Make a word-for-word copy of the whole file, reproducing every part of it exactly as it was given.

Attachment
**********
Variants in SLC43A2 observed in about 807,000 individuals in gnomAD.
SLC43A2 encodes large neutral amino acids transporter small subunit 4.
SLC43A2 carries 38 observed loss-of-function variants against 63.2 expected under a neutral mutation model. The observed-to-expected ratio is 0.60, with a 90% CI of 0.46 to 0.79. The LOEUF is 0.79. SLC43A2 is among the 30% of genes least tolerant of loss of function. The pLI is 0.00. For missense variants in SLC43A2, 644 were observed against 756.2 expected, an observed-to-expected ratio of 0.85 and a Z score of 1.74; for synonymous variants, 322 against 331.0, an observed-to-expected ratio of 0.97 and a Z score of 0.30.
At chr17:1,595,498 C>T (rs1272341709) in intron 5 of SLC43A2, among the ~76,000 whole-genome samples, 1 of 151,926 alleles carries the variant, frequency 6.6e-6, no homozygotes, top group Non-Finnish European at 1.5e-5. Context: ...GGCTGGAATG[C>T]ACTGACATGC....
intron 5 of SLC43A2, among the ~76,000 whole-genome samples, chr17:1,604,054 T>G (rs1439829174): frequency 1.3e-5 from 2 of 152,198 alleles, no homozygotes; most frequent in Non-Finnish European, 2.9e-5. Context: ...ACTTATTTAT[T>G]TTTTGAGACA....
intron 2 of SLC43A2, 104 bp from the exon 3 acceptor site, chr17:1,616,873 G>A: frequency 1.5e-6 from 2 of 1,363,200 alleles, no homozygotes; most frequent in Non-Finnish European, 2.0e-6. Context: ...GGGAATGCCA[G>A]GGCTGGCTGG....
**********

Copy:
Variants in SLC43A2 observed in about 807,000 individuals in gnomAD.
SLC43A2 encodes large neutral amino acids transporter small subunit 4.
SLC43A2 carries 38 observed loss-of-function variants against 63.2 expected under a neutral mutation model. The observed-to-expected ratio is 0.60, with a 90% CI of 0.46 to 0.79. The LOEUF is 0.79. SLC43A2 is among the 30% of genes least tolerant of loss of function. The pLI is 0.00. For missense variants in SLC43A2, 644 were observed against 756.2 expected, an observed-to-expected ratio of 0.85 and a Z score of 1.74; for synonymous variants, 322 against 331.0, an observed-to-expected ratio of 0.97 and a Z score of 0.30.
At chr17:1,595,498 C>T (rs1272341709) in intron 5 of SLC43A2, among the ~76,000 whole-genome samples, 1 of 151,926 alleles carries the variant, frequency 6.6e-6, no homozygotes, top group Non-Finnish European at 1.5e-5. Context: ...GGCTGGAATG[C>T]ACTGACATGC....
intron 5 of SLC43A2, among the ~76,000 whole-genome samples, chr17:1,604,054 T>G (rs1439829174): frequency 1.3e-5 from 2 of 152,198 alleles, no homozygotes; most frequent in Non-Finnish European, 2.9e-5. Context: ...ACTTATTTAT[T>G]TTTTGAGACA....
intron 2 of SLC43A2, 104 bp from the exon 3 acceptor site, chr17:1,616,873 G>A: frequency 1.5e-6 from 2 of 1,363,200 alleles, no homozygotes; most frequent in Non-Finnish European, 2.0e-6. Context: ...GGGAATGCCA[G>A]GGCTGGCTGG....